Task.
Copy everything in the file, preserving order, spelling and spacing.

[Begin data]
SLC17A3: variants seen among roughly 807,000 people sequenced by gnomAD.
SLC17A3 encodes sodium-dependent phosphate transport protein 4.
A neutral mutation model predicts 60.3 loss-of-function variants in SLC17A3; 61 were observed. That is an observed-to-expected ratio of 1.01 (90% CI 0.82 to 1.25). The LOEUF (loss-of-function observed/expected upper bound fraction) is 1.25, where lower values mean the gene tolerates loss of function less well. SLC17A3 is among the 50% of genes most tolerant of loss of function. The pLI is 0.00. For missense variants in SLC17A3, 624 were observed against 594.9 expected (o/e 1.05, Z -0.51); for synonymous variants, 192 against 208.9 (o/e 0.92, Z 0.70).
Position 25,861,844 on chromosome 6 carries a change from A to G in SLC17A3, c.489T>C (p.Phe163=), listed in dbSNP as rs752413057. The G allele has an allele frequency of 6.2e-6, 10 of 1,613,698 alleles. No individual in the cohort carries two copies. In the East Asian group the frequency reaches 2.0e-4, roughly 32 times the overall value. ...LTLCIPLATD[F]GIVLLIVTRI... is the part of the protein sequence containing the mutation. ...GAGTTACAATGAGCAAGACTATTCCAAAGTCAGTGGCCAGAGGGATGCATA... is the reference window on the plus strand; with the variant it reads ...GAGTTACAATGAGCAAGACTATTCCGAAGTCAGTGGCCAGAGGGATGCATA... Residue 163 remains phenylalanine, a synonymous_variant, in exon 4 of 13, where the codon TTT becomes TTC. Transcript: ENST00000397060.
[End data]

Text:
SLC17A3: variants seen among roughly 807,000 people sequenced by gnomAD.
SLC17A3 encodes sodium-dependent phosphate transport protein 4.
A neutral mutation model predicts 60.3 loss-of-function variants in SLC17A3; 61 were observed. That is an observed-to-expected ratio of 1.01 (90% CI 0.82 to 1.25). The LOEUF (loss-of-function observed/expected upper bound fraction) is 1.25, where lower values mean the gene tolerates loss of function less well. SLC17A3 is among the 50% of genes most tolerant of loss of function. The pLI is 0.00. For missense variants in SLC17A3, 624 were observed against 594.9 expected (o/e 1.05, Z -0.51); for synonymous variants, 192 against 208.9 (o/e 0.92, Z 0.70).
Position 25,861,844 on chromosome 6 carries a change from A to G in SLC17A3, c.489T>C (p.Phe163=), listed in dbSNP as rs752413057. The G allele has an allele frequency of 6.2e-6, 10 of 1,613,698 alleles. No individual in the cohort carries two copies. In the East Asian group the frequency reaches 2.0e-4, roughly 32 times the overall value. ...LTLCIPLATD[F]GIVLLIVTRI... is the part of the protein sequence containing the mutation. ...GAGTTACAATGAGCAAGACTATTCCAAAGTCAGTGGCCAGAGGGATGCATA... is the reference window on the plus strand; with the variant it reads ...GAGTTACAATGAGCAAGACTATTCCGAAGTCAGTGGCCAGAGGGATGCATA... Residue 163 remains phenylalanine, a synonymous_variant, in exon 4 of 13, where the codon TTT becomes TTC. Transcript: ENST00000397060.